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Coping with Cicadas

Get ready, Bettendorf, for a summer like no other! Cicada Brood 13 will soon be invading our beloved Iowan gardens and landscapes once again, meaning there's no better time to learn how to control cicadas than right now! 

What is Cicada Brood 13?

Brood 13 is a group of periodical cicadas that will emerge in late spring when ground temperatures reach around 65 degrees Fahrenheit, with unique characteristics and emergence patterns that make them a particularly challenging adversary for gardeners across the state.

Here's the buzz:

  • Brood 13 operates on a synchronized 17-year lifecycle, meaning that cicadas emerge en masse every 17 years.
  • They're primarily found in the eastern United States, including parts of Iowa, Illinois, Indiana, and Wisconsin.
  • Known as Magicicada tredecassini, Brood 13 cicadas emerge in massive numbers to mate and lay eggs, creating a buzzing spectacle that can be both awe-inspiring and disruptive.
  • Their emergence can significantly impact local ecosystems, as cicadas can quickly decimate large swathes of native trees, shrubs, and other plant life. However, it’s not all doom and gloom; cicadas also provide many local wildlife species with a much-needed additional food source! 

While all this noise is going on across the Southwestern part of Iowa, other states will be seeing the emergence of a second brood—brood 19—in a rare double emergence. While some parts of Iowa could see both broods, it's far more likely that we will only see brood 13 take up residence here this summer.  


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Areas of Iowa Expected to See the Emergence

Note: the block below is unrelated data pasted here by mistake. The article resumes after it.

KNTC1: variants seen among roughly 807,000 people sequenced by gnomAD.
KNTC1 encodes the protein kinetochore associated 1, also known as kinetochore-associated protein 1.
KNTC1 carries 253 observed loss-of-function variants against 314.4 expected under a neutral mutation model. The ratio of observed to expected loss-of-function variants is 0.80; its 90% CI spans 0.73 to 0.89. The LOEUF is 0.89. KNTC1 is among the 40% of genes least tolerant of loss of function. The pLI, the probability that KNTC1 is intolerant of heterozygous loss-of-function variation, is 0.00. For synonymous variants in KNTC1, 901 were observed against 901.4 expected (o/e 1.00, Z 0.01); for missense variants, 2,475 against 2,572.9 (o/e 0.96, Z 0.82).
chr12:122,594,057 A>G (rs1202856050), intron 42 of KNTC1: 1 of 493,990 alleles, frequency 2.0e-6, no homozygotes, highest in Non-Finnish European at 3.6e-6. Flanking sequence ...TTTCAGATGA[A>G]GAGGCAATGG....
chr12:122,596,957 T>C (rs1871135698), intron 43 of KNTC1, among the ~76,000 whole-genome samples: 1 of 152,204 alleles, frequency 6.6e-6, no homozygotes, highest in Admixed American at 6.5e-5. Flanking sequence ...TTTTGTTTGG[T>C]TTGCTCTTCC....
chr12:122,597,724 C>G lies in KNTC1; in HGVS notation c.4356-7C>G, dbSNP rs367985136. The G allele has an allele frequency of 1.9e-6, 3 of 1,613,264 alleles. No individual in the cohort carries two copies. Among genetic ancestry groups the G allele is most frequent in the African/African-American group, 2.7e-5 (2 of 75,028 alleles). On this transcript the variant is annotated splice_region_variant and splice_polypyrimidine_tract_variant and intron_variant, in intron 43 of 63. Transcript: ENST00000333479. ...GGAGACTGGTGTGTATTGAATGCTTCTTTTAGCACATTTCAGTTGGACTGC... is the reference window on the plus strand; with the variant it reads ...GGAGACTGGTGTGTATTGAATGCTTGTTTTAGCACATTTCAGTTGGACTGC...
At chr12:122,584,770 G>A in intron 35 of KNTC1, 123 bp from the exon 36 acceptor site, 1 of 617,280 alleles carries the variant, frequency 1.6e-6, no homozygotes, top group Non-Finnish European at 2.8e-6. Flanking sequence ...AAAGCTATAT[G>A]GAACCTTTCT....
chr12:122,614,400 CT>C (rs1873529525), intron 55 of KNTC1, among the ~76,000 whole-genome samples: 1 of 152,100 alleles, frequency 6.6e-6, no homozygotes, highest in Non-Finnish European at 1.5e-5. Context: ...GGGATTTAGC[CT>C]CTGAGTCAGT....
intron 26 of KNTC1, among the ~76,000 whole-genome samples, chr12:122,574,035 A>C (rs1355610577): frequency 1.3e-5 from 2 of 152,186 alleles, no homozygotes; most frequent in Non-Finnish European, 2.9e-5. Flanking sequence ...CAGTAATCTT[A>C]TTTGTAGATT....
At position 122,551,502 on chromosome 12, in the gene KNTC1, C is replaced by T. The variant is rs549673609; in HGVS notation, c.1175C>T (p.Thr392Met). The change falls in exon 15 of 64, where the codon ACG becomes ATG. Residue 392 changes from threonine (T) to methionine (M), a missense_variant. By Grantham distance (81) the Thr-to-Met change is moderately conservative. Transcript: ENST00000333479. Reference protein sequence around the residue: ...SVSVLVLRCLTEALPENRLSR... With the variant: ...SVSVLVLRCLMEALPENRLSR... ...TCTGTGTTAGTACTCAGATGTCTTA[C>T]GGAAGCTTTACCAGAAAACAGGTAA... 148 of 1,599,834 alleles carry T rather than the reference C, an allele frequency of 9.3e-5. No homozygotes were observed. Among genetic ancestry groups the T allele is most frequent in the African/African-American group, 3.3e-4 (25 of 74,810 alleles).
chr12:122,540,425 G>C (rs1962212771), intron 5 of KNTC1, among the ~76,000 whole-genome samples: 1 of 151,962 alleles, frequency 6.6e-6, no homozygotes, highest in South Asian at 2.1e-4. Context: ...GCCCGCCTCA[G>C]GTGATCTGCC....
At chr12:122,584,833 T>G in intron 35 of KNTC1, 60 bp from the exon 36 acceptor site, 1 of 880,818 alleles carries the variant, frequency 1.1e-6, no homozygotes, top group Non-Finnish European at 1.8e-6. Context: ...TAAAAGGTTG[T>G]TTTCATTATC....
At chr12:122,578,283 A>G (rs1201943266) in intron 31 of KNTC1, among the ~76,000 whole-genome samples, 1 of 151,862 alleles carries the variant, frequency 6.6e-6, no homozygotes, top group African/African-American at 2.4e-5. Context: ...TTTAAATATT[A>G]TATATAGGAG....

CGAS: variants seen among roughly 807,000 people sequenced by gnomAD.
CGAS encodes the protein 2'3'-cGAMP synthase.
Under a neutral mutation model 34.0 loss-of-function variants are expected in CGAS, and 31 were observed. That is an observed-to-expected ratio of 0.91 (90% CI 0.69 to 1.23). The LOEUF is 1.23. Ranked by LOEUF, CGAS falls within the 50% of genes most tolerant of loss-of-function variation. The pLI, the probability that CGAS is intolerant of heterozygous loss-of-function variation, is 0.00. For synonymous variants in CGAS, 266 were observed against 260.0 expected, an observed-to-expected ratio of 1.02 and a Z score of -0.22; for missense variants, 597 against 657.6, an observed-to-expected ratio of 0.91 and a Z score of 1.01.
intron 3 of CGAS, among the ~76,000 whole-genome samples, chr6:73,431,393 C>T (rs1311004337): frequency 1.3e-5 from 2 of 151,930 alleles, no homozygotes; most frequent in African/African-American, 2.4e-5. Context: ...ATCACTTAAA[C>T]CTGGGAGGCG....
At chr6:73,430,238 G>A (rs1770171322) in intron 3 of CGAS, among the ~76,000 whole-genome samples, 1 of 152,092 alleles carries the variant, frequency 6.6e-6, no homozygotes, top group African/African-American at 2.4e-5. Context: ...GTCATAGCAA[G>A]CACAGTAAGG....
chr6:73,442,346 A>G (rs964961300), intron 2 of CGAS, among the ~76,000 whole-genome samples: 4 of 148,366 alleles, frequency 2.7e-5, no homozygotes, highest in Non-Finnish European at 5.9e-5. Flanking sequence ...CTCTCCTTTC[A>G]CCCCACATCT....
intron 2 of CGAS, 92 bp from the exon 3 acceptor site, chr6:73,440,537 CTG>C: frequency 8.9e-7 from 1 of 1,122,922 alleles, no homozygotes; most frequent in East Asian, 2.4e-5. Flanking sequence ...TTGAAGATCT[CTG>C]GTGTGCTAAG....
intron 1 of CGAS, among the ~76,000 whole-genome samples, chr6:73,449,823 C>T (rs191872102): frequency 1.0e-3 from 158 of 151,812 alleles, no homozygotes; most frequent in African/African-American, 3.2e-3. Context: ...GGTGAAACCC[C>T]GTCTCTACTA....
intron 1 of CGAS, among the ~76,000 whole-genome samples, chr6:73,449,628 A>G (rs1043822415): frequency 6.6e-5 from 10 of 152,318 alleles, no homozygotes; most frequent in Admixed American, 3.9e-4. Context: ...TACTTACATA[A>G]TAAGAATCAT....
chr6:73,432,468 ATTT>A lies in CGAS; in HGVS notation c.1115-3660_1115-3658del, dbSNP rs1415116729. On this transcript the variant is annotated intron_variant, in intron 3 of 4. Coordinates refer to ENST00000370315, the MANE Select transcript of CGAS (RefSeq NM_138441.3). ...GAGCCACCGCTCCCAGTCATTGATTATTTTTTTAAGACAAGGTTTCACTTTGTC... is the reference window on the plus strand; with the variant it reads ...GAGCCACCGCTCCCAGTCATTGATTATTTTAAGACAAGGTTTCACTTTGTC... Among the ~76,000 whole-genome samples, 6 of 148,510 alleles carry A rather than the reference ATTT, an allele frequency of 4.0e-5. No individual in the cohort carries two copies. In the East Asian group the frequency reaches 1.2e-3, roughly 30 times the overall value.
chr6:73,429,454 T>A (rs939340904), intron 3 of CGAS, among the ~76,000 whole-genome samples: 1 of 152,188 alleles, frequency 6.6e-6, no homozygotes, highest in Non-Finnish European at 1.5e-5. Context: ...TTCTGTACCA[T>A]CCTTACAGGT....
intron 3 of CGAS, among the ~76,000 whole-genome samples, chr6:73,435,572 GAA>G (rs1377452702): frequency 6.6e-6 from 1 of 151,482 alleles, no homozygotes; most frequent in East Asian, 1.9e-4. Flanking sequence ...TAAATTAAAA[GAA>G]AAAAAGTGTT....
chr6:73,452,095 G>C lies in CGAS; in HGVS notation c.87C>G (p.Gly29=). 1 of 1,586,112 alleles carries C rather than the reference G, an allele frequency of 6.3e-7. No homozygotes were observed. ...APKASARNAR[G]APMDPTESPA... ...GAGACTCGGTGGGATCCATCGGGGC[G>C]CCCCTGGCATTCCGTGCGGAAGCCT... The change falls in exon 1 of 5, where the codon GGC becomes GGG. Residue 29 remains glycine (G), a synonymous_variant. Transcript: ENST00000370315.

Curious about where Brood 13 will make its presence known in Iowa? Here's a brief overview of the regions expected to experience the brunt of the cicada emergence this summer: 

  • Brood 13 is expected to emerge in several areas across Iowa, primarily in the eastern part of the state.
  • Counties in eastern Iowa, including Scott, Clinton, Jackson, and Dubuque, are among those expected to bear the brunt of the cicada invasion.
  • Specific locations with suitable cicada habitats—such as wooded areas and parks—will likely experience higher concentrations within these counties.

For a more detailed overview, check out this emergence map to help you better plan your cicada infestation control efforts.

The Difference Between Annual and Periodical Cicadas

Understanding the difference between annual and periodical cicadas can help shed light on Brood 13's unique nature and its impact on your garden. Here are a few key differences to be aware of:

  • As the name suggests, annual cicadas emerge every year and are typically found in smaller numbers. They belong to a different genus of cicada and are not synchronized in their lifecycle.
  • On the other hand, periodical cicadas emerge in massive numbers at predictable intervals, such as every 13 or 17 years. They belong to the genus Magicicada and have a synchronized lifecycle that allows them to emerge en masse for mating and egg-laying.
  • The long, synchronized lifecycle of periodical cicadas is believed to be an adaptation to avoid predators and maximize mating success. By emerging in such large numbers, they overwhelm predators and ensure the survival of their species.